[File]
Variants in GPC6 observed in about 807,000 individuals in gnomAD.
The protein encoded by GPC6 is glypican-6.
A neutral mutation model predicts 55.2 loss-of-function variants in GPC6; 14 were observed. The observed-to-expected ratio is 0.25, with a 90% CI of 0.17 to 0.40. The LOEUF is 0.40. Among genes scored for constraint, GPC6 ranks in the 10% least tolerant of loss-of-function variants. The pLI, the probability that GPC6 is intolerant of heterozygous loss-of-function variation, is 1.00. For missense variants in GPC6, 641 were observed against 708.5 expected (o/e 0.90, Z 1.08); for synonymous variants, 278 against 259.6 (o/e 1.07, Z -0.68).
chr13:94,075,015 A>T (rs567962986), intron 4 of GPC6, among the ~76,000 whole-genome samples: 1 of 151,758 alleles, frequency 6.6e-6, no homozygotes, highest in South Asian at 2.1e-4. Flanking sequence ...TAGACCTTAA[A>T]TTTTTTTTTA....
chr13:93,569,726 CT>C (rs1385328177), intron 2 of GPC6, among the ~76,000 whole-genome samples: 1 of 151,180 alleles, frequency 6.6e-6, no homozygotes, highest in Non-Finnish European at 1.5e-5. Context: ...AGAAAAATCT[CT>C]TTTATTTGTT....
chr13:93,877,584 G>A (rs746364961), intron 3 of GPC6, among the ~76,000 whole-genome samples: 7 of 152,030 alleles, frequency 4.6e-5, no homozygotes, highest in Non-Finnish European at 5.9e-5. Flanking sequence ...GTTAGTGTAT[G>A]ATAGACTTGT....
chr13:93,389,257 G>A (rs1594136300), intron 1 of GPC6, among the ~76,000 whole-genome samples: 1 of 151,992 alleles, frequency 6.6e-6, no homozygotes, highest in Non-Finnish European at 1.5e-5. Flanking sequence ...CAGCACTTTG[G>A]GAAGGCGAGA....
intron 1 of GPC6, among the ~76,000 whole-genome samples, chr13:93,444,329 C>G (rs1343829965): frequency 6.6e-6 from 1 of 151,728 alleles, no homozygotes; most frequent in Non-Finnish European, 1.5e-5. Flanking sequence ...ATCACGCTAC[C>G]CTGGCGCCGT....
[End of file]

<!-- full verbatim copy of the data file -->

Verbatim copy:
Variants in GPC6 observed in about 807,000 individuals in gnomAD.
The protein encoded by GPC6 is glypican-6.
A neutral mutation model predicts 55.2 loss-of-function variants in GPC6; 14 were observed. The observed-to-expected ratio is 0.25, with a 90% CI of 0.17 to 0.40. The LOEUF is 0.40. Among genes scored for constraint, GPC6 ranks in the 10% least tolerant of loss-of-function variants. The pLI, the probability that GPC6 is intolerant of heterozygous loss-of-function variation, is 1.00. For missense variants in GPC6, 641 were observed against 708.5 expected (o/e 0.90, Z 1.08); for synonymous variants, 278 against 259.6 (o/e 1.07, Z -0.68).
chr13:94,075,015 A>T (rs567962986), intron 4 of GPC6, among the ~76,000 whole-genome samples: 1 of 151,758 alleles, frequency 6.6e-6, no homozygotes, highest in South Asian at 2.1e-4. Flanking sequence ...TAGACCTTAA[A>T]TTTTTTTTTA....
chr13:93,569,726 CT>C (rs1385328177), intron 2 of GPC6, among the ~76,000 whole-genome samples: 1 of 151,180 alleles, frequency 6.6e-6, no homozygotes, highest in Non-Finnish European at 1.5e-5. Context: ...AGAAAAATCT[CT>C]TTTATTTGTT....
chr13:93,877,584 G>A (rs746364961), intron 3 of GPC6, among the ~76,000 whole-genome samples: 7 of 152,030 alleles, frequency 4.6e-5, no homozygotes, highest in Non-Finnish European at 5.9e-5. Flanking sequence ...GTTAGTGTAT[G>A]ATAGACTTGT....
chr13:93,389,257 G>A (rs1594136300), intron 1 of GPC6, among the ~76,000 whole-genome samples: 1 of 151,992 alleles, frequency 6.6e-6, no homozygotes, highest in Non-Finnish European at 1.5e-5. Flanking sequence ...CAGCACTTTG[G>A]GAAGGCGAGA....
intron 1 of GPC6, among the ~76,000 whole-genome samples, chr13:93,444,329 C>G (rs1343829965): frequency 6.6e-6 from 1 of 151,728 alleles, no homozygotes; most frequent in Non-Finnish European, 1.5e-5. Flanking sequence ...ATCACGCTAC[C>G]CTGGCGCCGT....